Vinyl railings -- How green are they, or can they be?
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We have a company that helps people stay in their homes as they age. Grab bars, ramps, railings, door levers, slide-out shelving, etc. We have carefully chosen our grab bar, ramp, and other product manufacturers for safety and low environmental impact. The problem comes with railings. Aluminum can be prohibitively expensive for our clients, and is also heavy to ship. Vinyl looks good to many people, is required by many HOAs, and is dramatically less expensive -- it is also significantly li
Very interesting question! You’ve released the proverbial elephant into the low-VOC, energy efficient, sustainably constructed room.
Clearly, you are trying to make a decision on products that you offer through research and opinions from the field. I applaud your green consciousness on the topic. While I am only one voice on the topic, hopefully I can offer a valuable opinion on the matter.
Let’s start by discussing some basics about PVC: The manufacturing process is toxic and the product releases additional toxins if burned in municipal or household waste streams. These facts are well documented and are the basis for the argument that PVC should be avoided and even boycotted during the decision process when building or renovating green.
I stood on the sideline for a long time on the subject of vinyl products used in the home building and renovation process. With the health issues of manufacturing and disposal constantly battling durability and maintenance issues in my mind I struggled to make the “is it green?” decision. Durability is a very big factor in my definition of green that is equivalent to making a decision about health in the home.
One day I walked through a basement of a LEED Platinum home and I realized the staggering amount of PVC used without a thought. It was part of the heating, plumbing, electrical, and common systems throughout the house. After all, the product is chemically and biologically inert and several of the arguments made in your question make it extremely useful. This usefulness may be the reason that PVC pipes account for a majority of the plumbing market for both water distribution and wastewater in the United States. Most estimates say that the market is growing!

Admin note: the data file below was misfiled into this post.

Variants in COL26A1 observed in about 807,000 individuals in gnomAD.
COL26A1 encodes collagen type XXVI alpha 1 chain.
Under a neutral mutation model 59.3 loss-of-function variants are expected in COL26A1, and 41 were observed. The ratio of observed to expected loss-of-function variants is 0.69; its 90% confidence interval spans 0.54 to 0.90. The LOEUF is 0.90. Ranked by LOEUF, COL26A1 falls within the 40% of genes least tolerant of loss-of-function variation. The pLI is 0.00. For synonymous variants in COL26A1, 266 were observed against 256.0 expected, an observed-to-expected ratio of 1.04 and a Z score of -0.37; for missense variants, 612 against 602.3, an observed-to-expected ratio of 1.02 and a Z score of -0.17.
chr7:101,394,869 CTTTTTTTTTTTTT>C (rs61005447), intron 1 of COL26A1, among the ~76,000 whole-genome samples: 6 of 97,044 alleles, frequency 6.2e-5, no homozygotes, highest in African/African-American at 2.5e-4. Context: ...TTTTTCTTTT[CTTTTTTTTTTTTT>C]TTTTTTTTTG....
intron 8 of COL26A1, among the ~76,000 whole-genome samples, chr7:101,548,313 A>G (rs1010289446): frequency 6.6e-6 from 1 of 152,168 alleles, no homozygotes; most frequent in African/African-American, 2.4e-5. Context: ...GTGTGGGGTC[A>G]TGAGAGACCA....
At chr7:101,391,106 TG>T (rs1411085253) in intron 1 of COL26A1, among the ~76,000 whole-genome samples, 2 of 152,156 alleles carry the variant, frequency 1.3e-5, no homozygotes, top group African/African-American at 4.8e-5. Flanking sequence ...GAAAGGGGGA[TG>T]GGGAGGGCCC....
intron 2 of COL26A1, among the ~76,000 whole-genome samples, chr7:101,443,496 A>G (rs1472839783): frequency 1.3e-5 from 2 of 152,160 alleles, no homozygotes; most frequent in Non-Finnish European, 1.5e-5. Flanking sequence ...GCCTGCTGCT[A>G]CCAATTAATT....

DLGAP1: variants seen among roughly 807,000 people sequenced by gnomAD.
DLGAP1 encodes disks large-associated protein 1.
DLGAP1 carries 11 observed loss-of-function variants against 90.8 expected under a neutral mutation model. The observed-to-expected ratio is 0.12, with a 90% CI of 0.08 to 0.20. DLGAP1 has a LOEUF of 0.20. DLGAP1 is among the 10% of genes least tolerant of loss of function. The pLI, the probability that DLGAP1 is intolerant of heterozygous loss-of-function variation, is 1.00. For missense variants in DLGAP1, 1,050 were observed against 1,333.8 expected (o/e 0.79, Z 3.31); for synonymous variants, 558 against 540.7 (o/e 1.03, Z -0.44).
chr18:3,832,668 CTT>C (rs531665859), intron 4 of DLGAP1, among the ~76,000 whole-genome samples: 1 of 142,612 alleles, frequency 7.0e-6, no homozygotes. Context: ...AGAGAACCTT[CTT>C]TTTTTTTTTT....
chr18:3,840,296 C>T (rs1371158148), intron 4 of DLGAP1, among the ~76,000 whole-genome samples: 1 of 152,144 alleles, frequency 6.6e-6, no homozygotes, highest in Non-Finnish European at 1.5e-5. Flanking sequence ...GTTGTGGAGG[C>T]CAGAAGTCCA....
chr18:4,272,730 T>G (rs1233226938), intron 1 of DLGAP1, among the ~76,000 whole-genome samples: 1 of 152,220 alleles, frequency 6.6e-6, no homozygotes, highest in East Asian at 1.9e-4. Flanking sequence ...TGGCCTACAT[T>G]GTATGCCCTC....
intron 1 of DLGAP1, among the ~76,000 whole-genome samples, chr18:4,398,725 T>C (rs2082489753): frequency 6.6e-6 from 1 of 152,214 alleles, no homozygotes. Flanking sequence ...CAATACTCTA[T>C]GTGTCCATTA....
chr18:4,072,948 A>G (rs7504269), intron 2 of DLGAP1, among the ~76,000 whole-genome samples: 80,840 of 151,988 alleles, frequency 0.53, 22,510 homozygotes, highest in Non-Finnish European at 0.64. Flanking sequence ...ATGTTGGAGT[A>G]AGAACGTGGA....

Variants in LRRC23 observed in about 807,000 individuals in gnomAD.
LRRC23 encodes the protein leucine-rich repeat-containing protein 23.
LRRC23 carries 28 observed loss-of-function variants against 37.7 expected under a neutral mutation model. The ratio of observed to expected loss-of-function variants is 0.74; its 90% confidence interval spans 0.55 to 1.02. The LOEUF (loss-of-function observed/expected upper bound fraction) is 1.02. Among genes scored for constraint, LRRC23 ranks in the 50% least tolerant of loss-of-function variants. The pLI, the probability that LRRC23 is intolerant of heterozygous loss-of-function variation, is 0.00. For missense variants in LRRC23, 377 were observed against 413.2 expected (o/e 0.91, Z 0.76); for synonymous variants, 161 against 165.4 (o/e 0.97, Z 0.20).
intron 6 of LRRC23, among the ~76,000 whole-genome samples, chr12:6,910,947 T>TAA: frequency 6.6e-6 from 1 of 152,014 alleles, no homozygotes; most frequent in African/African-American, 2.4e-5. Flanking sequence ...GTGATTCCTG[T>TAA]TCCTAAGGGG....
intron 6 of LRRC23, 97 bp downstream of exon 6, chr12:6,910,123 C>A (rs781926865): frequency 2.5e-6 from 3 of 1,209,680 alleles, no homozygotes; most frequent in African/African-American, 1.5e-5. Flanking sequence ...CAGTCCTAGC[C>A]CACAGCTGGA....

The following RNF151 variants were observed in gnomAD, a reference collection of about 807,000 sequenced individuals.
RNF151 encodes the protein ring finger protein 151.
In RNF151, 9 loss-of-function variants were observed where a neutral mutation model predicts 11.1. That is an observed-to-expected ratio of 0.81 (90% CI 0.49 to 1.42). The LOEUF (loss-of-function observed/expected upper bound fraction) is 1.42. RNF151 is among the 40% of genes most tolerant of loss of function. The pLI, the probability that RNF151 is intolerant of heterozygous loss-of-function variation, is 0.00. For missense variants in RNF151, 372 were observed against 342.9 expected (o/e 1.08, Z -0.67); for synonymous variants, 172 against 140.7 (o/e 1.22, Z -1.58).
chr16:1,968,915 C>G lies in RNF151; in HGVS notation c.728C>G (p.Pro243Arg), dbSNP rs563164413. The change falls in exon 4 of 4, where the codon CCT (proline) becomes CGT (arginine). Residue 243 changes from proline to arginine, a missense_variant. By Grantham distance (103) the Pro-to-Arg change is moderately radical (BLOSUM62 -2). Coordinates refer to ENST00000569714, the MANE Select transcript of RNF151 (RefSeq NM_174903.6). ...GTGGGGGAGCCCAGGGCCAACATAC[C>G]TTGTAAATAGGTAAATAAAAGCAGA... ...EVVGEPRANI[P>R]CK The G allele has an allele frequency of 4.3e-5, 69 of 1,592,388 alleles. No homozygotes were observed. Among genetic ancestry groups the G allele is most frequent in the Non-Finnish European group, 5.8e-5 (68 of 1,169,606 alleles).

Yet the question of outdoor installation of siding and railings, etc., is heavily debated because there are alternatives available that have a lower impact on the environment right now.
While I will agree that there are alternatives to exterior PVC installation right now, I haven’t seen anyone demonstrate the shade of green over the lifetime that includes maintenance on the alternative products. Does the manufacturing and disposal of paints, stains, and sealers over the lifetime of these alternative products not have an impact?
This is the point where I made my decision. If one cannot provide a lifetime comparison of two products and demonstrate superior attributes with regard to health and there is no immediate hazard being introduced into the home, then the durability factor has to take precedence.
Additionally, there has been a remarkable amount of news regarding the progress of recycling PVC and even research into lowering the manufacturing impact on the environment. I’m hopeful that someday the residential use of PVC will be comparable to the commercial use of steel.
Ironically, steel is considered universally green because any steel purchased today includes up to 99% recycled product despite the extreme CO2 emissions produced in the process. Each person has their own definition of green.
Unfortunately, there are no facts to support a broad statement that PVC is green. However, given the outdoor use of a PVC product that contains a high percentage of recycled content, I would argue that based on durability and recycled content you are offering a green alternative to what is available on the current market.